We leave for the States this evening, so I'll add a few more posts, as well as pics, after we get back.

Labels: , ,

Tuesday, June 09, 2009

In God's Golden Bowl

A million years ago, before the last Ice Age, we visited Nelson. I do endeavor to provide timely accounts of Where We Went and What We Ate, but time is nothing if not elastic when you're traveling, and is probably not best spent in youth-hostel Internet caves, especially when you're in New Zealand.

To this preface, however, I will add its epilogue, the account of precisely how we made our way to Nelson, which is to say that we nearly did not. The night before our Monday-morning flight, we decided to program the alarm on my new watch, a reward for 10 years of service at the day job. It was titanium and Danish, so no complaints there, but we did discover at this late hour, after perusing the instruction booklet we had so thoughtfully packed, that its "crown" could not, indeed, be extended to the third position, let alone the second. I would need to acquire an alarm clock if were were to awake in time for the flight.

And so I ventured across the oceanic breadth of Wakefield Street to the New World, which by New Zealand standards is a pretty good-sized supermarket. That I did this without any navigational devices, and possessing scanty star lore, without being struck by an automobile was a significant accomplishment. In the end, however, it would take three such sojourns to acquire the sought-after device and the 1.5V aka AA battery that powers it.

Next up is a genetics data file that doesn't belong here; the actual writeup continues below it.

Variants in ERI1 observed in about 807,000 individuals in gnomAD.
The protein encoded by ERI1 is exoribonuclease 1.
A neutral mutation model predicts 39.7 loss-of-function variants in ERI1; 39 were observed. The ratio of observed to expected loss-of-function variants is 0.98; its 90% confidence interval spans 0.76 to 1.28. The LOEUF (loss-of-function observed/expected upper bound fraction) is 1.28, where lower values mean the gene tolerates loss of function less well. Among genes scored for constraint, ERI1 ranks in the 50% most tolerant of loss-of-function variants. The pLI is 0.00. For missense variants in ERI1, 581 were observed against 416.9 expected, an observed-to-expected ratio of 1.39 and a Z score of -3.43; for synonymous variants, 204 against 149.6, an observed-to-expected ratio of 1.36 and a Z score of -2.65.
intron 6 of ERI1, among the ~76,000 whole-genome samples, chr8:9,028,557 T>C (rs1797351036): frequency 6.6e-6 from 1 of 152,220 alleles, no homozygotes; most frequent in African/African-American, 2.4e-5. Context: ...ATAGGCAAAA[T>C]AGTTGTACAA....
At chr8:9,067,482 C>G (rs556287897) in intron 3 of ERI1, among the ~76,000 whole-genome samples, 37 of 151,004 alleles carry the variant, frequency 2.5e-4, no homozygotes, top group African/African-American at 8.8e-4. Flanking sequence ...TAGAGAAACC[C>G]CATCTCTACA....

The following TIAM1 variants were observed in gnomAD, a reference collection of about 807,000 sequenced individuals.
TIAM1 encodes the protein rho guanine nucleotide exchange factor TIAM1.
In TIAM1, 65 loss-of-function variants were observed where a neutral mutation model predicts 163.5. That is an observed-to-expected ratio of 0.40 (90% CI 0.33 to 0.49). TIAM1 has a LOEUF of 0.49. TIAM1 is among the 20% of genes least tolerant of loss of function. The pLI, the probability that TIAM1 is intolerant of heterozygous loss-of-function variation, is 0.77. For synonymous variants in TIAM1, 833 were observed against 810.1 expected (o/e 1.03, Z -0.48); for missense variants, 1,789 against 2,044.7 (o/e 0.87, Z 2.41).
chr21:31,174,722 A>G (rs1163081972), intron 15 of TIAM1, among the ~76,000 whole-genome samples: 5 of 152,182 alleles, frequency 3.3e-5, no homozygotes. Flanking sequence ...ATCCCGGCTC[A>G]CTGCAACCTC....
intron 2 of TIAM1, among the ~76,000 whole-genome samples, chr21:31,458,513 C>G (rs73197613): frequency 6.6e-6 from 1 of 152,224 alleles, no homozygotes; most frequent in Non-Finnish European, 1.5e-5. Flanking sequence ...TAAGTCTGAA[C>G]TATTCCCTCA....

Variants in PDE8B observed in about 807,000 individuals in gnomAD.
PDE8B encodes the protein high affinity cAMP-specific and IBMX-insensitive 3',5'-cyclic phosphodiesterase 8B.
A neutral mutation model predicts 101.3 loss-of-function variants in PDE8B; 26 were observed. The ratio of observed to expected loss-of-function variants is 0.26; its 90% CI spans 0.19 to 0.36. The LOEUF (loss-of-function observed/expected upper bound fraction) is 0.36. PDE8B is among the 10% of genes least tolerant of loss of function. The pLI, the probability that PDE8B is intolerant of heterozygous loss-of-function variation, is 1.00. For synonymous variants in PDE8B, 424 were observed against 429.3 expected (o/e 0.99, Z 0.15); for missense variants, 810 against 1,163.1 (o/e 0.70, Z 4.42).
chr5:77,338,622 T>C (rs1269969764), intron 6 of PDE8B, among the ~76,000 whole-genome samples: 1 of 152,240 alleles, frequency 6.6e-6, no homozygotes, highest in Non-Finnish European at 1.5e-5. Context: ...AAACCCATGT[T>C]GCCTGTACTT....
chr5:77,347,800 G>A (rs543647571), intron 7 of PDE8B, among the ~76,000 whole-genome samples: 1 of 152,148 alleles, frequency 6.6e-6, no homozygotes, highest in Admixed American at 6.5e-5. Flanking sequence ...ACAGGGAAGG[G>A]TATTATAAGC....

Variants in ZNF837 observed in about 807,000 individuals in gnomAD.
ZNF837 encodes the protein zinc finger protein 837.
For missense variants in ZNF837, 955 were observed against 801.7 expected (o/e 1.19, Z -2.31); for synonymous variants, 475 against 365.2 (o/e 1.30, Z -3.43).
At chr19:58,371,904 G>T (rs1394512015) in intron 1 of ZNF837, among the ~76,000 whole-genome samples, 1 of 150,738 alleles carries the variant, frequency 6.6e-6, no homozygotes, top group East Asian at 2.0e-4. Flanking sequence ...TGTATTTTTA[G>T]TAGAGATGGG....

The "Abstract Art Swivel Alarm Clock" is a masterwork of Chinese design. You can tell its worth right from the box alone, which features the following instructions in no less than eight (8) different languages:

1. Removing the Battery Cover.
2. Inserting the Battery.
3. Setting the Time.
4. Setting the Alarm Time.
5. Using the Gerund.

Step 2 was my particular favorite, as the battery found its final resting place not because the slot was consciously designed to house it, but by a considerable application of will on my part. I won, but this meant the onset of a peculiar "click-clack" that would haunt me the rest of the night. Despite my lack of faith, the instrument performed its function, and early the next morning we were on our way back to Nelson.

The flight from Wellington to Nelson, across the Cook Strait, comprises probably the best 25 minutes in the air you will find anywhere in the world. We were treated to a glowing sunrise over snow-capped mountains, oceans of cloud, and that distinctive gemlike water. We had traveled once the other direction, taking the ferry from Picton; this mode of travel is equally majestic if rougher on those who haven't yet gained their sea legs.

When you land in Nelson's little airport, you are greeted by a flat plain encompassed by a far, long ridge of mountains whose distant strength is hard to capture on film. Once in the town itself, you find yourself enclosed by steep, verdant hills, long intersecting triangles of folded green in dappled golden light. The land here is reassuring, and you feel you have a solid place on the earth, as if you are given definition by its otherness.